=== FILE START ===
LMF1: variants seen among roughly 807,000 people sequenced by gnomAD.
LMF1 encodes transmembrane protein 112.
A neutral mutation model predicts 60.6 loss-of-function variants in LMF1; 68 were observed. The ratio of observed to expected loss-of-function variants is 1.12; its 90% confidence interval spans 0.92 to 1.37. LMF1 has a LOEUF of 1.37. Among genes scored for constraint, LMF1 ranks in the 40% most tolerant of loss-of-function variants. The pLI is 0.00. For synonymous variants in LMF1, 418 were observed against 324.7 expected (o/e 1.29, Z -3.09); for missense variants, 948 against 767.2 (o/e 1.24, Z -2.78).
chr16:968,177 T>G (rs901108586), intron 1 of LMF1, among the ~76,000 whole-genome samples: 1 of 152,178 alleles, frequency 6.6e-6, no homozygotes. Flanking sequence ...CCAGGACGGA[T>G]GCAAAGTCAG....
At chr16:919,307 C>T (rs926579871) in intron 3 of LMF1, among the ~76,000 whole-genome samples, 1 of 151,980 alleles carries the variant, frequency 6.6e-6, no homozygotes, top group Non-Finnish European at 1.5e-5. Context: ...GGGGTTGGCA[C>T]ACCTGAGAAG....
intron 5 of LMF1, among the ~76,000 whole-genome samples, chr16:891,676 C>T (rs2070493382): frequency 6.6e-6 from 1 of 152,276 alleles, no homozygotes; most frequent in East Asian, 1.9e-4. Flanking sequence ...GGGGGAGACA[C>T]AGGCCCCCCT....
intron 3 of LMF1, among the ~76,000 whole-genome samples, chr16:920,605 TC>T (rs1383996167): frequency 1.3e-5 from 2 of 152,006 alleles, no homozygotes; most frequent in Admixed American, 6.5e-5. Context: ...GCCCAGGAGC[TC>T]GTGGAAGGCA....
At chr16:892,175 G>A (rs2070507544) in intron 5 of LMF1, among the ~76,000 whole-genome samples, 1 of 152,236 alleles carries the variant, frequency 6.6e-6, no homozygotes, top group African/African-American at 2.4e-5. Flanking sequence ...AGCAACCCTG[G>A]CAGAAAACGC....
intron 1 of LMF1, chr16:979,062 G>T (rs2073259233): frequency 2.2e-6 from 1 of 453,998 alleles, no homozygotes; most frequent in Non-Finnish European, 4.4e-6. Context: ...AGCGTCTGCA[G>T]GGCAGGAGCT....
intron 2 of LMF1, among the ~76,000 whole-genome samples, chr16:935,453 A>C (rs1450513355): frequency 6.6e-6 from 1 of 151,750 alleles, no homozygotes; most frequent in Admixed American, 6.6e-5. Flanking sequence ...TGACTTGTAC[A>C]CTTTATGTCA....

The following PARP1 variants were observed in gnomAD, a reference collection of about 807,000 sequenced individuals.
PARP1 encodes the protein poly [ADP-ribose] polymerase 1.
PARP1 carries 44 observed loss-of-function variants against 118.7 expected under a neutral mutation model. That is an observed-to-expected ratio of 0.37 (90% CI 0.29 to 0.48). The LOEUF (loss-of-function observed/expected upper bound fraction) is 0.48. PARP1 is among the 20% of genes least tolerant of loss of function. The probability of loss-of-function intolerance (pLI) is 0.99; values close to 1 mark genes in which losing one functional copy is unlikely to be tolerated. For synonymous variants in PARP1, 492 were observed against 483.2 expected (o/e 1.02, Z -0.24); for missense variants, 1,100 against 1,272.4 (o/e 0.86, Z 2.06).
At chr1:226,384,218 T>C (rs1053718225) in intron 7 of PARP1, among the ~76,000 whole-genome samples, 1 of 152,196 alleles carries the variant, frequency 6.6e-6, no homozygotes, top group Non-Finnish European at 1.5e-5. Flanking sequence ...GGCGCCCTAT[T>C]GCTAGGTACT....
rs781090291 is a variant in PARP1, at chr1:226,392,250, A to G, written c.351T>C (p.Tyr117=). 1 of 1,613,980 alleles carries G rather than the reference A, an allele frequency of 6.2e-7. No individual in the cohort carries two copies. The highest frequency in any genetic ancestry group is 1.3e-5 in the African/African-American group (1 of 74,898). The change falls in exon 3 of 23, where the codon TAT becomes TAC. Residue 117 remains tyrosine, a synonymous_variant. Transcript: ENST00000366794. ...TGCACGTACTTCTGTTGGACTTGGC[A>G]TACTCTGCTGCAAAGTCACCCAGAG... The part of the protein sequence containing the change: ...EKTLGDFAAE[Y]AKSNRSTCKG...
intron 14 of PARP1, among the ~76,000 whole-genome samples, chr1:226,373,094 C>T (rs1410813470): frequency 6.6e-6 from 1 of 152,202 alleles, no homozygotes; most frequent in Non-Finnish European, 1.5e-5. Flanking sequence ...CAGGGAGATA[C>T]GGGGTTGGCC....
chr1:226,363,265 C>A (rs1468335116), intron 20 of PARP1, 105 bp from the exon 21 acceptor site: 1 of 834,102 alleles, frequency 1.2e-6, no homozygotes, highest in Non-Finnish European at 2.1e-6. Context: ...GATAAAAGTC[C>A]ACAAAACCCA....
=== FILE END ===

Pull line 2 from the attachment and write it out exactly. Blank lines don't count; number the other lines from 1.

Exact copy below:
LMF1 encodes transmembrane protein 112.